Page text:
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N. Korea will only be more isolated if it continues provocation: Blinken

US Secretary of State Antony Blinken is seen speaking in a joint press briefing with his Chilean counterpart in Santiago on Wednesday in this image captured from the website of US news network C-Span. (Yonhap)
US Secretary of State Antony Blinken is seen speaking in a joint press briefing with his Chilean counterpart in Santiago on Wednesday in this image captured from the website of US news network C-Span. (Yonhap)

WASHINGTON -- US Secretary of State Antony Blinken urged North Korea to engage in dialogue on Wednesday, saying its provocative actions will only lead to increased condemnation and isolation.

The top US diplomat said the North will also face increased repercussions from the international community if they continue to take such actions.

"We believe that North Korea would be much better served by not only refraining from these actions, but actually engaging in dialogue," Blinken said in a joint press briefing with his Chilean counterpart in Santiago.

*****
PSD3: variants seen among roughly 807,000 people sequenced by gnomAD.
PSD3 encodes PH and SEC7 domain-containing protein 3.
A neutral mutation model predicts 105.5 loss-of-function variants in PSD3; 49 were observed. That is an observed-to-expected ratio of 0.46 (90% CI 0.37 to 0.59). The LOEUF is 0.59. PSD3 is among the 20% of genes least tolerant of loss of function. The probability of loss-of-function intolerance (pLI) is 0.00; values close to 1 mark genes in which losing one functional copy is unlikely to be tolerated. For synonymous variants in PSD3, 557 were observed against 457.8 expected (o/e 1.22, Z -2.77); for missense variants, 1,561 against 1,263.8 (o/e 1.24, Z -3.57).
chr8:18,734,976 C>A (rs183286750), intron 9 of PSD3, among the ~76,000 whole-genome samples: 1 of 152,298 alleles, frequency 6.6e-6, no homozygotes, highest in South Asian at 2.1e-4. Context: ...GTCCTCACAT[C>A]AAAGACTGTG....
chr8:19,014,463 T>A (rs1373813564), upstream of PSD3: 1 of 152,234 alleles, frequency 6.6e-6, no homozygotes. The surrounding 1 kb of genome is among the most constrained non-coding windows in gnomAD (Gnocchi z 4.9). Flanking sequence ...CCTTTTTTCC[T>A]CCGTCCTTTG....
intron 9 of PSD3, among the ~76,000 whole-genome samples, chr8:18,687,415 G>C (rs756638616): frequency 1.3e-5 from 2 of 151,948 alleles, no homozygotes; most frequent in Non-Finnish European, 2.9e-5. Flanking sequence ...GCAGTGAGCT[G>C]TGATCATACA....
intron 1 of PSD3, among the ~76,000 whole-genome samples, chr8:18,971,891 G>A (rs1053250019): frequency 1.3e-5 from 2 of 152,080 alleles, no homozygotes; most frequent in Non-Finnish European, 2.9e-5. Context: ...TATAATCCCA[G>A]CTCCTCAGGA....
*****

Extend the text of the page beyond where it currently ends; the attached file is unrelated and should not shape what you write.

"I think what we are seeing is that if they continue down this road, it will only increase the condemnation, increase the isolation, increase the steps that are taken in response to their actions," he added.

The North fired an intermediate-range ballistic missile on Tuesday (Seoul time), marking its fifth missile test in just over a week.

Blinken said the US has called for a meeting of the UN Security Council, adding, "and we are consulting with our partners on next steps."

"We called on the DPRK to refrain from further provocations and engage in a sustained substantive dialogue," he said of his calls with his South Korean and Japanese counterparts held immediately after the North's missile launch this week.

"This is something that we have proposed going back many months. Unfortunately, the DPRK's response has been to launch more missiles, but we are taking appropriate defense and deterrence steps with allies and partners," he added.

DPRK stands for the Democratic People's Republic of Korea, the North's official name.

"I also want to make very clear that our commitment to the defense of our allies and partners -- ROK and Japan -- is ironclad," said Blinken, referring to South Korea by its official name, the Republic of Korea. (Yonhap)

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